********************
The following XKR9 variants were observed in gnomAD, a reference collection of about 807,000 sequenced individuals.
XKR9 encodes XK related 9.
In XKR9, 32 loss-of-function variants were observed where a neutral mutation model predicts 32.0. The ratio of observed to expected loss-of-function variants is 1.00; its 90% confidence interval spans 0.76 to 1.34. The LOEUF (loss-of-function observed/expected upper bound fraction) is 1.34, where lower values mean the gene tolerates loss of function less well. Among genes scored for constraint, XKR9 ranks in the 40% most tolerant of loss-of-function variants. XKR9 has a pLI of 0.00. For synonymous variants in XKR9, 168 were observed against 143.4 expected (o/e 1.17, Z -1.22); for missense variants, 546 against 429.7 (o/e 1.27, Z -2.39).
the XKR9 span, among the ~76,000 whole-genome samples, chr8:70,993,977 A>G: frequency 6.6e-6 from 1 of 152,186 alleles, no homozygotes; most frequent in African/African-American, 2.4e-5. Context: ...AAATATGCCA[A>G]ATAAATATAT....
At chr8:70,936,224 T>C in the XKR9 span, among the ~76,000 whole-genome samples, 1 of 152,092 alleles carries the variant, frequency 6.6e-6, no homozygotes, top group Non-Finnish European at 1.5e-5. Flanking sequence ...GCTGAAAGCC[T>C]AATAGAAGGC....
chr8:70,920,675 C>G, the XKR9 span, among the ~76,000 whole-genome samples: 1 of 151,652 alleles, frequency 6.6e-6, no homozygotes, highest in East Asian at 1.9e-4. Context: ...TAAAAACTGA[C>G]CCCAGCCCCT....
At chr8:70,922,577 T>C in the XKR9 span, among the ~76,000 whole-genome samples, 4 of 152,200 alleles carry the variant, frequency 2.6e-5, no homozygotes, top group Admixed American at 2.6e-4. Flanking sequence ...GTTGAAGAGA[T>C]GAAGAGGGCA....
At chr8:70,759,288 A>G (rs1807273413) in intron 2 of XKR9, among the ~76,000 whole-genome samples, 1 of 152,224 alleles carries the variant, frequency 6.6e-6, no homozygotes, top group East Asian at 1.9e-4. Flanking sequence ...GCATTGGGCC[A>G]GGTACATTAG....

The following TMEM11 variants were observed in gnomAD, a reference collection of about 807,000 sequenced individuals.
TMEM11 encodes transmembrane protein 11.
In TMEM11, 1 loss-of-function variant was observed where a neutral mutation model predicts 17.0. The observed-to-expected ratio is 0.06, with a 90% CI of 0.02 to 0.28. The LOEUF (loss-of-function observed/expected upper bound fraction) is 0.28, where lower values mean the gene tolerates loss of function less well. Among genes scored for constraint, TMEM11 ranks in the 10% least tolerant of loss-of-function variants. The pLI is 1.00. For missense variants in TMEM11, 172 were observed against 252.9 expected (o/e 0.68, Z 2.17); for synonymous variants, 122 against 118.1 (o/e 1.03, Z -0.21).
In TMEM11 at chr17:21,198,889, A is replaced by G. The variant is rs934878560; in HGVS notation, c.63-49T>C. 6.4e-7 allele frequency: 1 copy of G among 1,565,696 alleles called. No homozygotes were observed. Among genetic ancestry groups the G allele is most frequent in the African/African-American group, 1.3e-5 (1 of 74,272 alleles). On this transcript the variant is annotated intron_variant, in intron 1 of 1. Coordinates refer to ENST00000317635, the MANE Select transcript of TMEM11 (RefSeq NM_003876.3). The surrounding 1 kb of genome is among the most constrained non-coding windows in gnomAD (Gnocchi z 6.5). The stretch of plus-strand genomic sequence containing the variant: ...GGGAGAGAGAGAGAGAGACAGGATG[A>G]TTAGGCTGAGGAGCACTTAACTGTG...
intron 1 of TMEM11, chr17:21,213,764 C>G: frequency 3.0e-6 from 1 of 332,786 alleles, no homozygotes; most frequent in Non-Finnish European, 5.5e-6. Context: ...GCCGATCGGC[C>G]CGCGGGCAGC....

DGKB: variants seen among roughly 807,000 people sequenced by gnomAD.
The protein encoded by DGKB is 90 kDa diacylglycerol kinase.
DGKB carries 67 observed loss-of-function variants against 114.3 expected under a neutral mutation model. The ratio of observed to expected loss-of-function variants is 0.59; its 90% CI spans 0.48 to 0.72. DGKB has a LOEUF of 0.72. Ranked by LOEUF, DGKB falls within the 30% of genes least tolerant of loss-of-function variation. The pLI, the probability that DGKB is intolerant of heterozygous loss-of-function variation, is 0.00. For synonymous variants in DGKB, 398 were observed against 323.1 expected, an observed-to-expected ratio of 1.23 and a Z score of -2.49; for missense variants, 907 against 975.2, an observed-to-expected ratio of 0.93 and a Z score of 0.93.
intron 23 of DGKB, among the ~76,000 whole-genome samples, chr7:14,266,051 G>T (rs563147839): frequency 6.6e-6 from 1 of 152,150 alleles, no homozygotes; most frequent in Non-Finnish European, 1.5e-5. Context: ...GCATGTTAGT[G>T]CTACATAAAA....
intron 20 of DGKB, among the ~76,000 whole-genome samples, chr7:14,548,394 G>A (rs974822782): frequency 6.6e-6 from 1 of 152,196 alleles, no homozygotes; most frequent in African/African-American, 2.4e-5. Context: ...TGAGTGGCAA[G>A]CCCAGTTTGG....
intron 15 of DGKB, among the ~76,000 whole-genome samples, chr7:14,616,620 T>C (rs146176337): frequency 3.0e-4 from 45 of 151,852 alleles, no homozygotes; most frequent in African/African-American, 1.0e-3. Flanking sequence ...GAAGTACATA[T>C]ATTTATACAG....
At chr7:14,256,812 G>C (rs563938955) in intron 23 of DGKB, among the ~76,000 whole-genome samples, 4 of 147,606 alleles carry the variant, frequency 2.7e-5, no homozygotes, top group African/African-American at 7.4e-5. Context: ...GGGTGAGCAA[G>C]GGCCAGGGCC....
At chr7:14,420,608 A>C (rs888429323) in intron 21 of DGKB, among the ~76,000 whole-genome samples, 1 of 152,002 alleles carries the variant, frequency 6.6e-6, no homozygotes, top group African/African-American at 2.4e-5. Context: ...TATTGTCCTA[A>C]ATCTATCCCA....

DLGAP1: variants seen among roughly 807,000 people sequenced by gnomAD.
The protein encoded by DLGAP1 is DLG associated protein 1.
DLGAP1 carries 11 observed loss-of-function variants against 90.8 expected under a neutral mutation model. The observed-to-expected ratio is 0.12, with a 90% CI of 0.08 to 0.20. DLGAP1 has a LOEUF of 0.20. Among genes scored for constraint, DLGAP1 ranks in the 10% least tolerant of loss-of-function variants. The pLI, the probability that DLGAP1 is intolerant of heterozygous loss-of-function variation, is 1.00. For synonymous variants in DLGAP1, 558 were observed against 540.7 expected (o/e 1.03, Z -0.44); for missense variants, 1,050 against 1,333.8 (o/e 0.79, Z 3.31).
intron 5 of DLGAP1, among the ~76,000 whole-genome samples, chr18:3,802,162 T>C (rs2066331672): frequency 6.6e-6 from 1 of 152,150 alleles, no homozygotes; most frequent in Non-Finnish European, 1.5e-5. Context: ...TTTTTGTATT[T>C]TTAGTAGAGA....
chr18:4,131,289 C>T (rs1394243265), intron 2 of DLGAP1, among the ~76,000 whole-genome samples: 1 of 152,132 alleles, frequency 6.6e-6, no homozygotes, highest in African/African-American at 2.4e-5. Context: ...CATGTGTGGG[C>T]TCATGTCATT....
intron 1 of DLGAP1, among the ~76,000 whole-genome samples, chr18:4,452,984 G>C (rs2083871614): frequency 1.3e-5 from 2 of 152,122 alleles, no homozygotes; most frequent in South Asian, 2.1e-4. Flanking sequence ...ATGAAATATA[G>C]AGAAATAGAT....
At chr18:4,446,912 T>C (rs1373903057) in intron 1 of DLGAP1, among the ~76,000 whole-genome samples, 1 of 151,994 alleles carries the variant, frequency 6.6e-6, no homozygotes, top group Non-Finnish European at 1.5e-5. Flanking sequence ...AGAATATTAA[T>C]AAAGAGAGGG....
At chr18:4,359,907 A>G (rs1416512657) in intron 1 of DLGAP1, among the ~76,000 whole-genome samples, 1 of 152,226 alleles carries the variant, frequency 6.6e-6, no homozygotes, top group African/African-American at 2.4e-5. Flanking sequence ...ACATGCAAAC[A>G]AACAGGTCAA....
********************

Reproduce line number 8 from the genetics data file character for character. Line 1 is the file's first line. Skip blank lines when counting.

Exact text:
At chr8:70,759,288 A>G (rs1807273413) in intron 2 of XKR9, among the ~76,000 whole-genome samples, 1 of 152,224 alleles carries the variant, frequency 6.6e-6, no homozygotes, top group East Asian at 1.9e-4. Flanking sequence ...GCATTGGGCC[A>G]GGTACATTAG....